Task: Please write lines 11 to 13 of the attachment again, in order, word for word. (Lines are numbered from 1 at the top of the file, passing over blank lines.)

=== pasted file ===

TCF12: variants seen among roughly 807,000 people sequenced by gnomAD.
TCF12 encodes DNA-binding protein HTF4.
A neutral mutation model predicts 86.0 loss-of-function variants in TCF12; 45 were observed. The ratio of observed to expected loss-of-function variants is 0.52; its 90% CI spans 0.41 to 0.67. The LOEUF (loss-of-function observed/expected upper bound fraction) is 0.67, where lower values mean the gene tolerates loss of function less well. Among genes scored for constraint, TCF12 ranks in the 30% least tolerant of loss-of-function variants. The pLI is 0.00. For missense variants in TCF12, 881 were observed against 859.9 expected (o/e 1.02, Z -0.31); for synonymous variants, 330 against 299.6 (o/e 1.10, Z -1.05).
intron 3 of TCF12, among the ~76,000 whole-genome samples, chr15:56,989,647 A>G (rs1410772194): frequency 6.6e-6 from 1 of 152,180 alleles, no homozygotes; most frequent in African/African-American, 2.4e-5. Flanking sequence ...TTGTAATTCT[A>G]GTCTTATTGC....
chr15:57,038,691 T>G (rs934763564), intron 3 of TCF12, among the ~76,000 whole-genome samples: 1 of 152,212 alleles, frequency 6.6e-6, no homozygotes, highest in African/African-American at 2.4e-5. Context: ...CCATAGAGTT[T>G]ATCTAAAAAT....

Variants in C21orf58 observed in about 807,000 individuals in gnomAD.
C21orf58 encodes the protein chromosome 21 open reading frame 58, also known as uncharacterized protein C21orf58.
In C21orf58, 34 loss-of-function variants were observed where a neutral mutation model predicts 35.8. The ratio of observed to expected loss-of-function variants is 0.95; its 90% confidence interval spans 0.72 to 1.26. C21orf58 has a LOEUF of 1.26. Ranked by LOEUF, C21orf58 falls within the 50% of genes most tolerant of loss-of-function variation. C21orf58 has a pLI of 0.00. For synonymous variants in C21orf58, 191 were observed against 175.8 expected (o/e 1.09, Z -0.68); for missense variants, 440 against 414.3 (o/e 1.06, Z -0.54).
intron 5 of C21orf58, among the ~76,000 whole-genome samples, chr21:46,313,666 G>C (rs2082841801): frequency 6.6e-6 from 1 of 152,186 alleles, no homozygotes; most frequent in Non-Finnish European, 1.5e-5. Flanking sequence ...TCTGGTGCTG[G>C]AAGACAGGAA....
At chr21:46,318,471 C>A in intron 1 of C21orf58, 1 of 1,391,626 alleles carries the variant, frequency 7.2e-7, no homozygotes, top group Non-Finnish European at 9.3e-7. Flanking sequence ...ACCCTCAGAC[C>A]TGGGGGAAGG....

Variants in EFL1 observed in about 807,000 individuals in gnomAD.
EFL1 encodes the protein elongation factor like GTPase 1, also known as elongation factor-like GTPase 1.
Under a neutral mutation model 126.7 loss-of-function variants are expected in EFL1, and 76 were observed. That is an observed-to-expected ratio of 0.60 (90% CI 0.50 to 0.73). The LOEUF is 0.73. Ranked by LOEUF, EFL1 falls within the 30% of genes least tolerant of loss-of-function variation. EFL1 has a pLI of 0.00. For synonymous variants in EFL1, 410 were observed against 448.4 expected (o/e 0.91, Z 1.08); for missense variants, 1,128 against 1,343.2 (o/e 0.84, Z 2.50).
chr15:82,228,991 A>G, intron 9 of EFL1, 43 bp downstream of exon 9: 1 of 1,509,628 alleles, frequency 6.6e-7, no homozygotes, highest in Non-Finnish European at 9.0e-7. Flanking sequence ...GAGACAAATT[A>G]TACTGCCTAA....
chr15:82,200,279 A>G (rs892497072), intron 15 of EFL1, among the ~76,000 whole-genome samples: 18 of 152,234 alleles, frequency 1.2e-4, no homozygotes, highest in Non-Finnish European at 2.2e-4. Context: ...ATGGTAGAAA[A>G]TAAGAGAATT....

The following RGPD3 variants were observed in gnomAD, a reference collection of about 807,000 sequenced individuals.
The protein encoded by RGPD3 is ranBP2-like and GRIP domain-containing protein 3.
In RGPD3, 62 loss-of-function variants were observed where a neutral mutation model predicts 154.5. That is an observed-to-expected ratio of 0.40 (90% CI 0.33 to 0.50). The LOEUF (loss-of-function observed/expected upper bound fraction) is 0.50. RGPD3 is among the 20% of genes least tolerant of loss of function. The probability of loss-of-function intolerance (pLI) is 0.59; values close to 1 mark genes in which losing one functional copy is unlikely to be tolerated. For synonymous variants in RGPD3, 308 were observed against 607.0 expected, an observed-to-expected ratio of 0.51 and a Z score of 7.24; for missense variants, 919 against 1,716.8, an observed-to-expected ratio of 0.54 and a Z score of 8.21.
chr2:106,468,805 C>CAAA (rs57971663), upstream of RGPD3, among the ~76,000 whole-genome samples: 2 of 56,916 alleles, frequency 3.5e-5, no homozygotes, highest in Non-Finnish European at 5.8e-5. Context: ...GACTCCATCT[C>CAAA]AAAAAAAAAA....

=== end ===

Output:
Variants in EFL1 observed in about 807,000 individuals in gnomAD.
EFL1 encodes the protein elongation factor like GTPase 1, also known as elongation factor-like GTPase 1.
Under a neutral mutation model 126.7 loss-of-function variants are expected in EFL1, and 76 were observed. That is an observed-to-expected ratio of 0.60 (90% CI 0.50 to 0.73). The LOEUF is 0.73. Ranked by LOEUF, EFL1 falls within the 30% of genes least tolerant of loss-of-function variation. EFL1 has a pLI of 0.00. For synonymous variants in EFL1, 410 were observed against 448.4 expected (o/e 0.91, Z 1.08); for missense variants, 1,128 against 1,343.2 (o/e 0.84, Z 2.50).